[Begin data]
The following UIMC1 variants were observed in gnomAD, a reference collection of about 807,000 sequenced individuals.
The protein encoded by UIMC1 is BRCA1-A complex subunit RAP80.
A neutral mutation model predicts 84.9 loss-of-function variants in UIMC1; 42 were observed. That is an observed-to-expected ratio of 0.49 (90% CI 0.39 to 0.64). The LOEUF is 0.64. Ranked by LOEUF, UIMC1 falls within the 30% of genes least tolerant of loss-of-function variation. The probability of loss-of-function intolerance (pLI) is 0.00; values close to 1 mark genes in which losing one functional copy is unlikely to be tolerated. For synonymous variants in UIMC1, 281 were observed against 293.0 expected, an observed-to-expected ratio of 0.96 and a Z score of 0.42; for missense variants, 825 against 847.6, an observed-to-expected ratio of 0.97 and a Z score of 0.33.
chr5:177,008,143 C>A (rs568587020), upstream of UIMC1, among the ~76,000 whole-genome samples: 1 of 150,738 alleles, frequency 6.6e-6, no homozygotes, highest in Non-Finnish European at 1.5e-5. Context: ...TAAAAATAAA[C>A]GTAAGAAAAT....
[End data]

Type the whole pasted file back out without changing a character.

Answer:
The following UIMC1 variants were observed in gnomAD, a reference collection of about 807,000 sequenced individuals.
The protein encoded by UIMC1 is BRCA1-A complex subunit RAP80.
A neutral mutation model predicts 84.9 loss-of-function variants in UIMC1; 42 were observed. That is an observed-to-expected ratio of 0.49 (90% CI 0.39 to 0.64). The LOEUF is 0.64. Ranked by LOEUF, UIMC1 falls within the 30% of genes least tolerant of loss-of-function variation. The probability of loss-of-function intolerance (pLI) is 0.00; values close to 1 mark genes in which losing one functional copy is unlikely to be tolerated. For synonymous variants in UIMC1, 281 were observed against 293.0 expected, an observed-to-expected ratio of 0.96 and a Z score of 0.42; for missense variants, 825 against 847.6, an observed-to-expected ratio of 0.97 and a Z score of 0.33.
chr5:177,008,143 C>A (rs568587020), upstream of UIMC1, among the ~76,000 whole-genome samples: 1 of 150,738 alleles, frequency 6.6e-6, no homozygotes, highest in Non-Finnish European at 1.5e-5. Context: ...TAAAAATAAA[C>A]GTAAGAAAAT....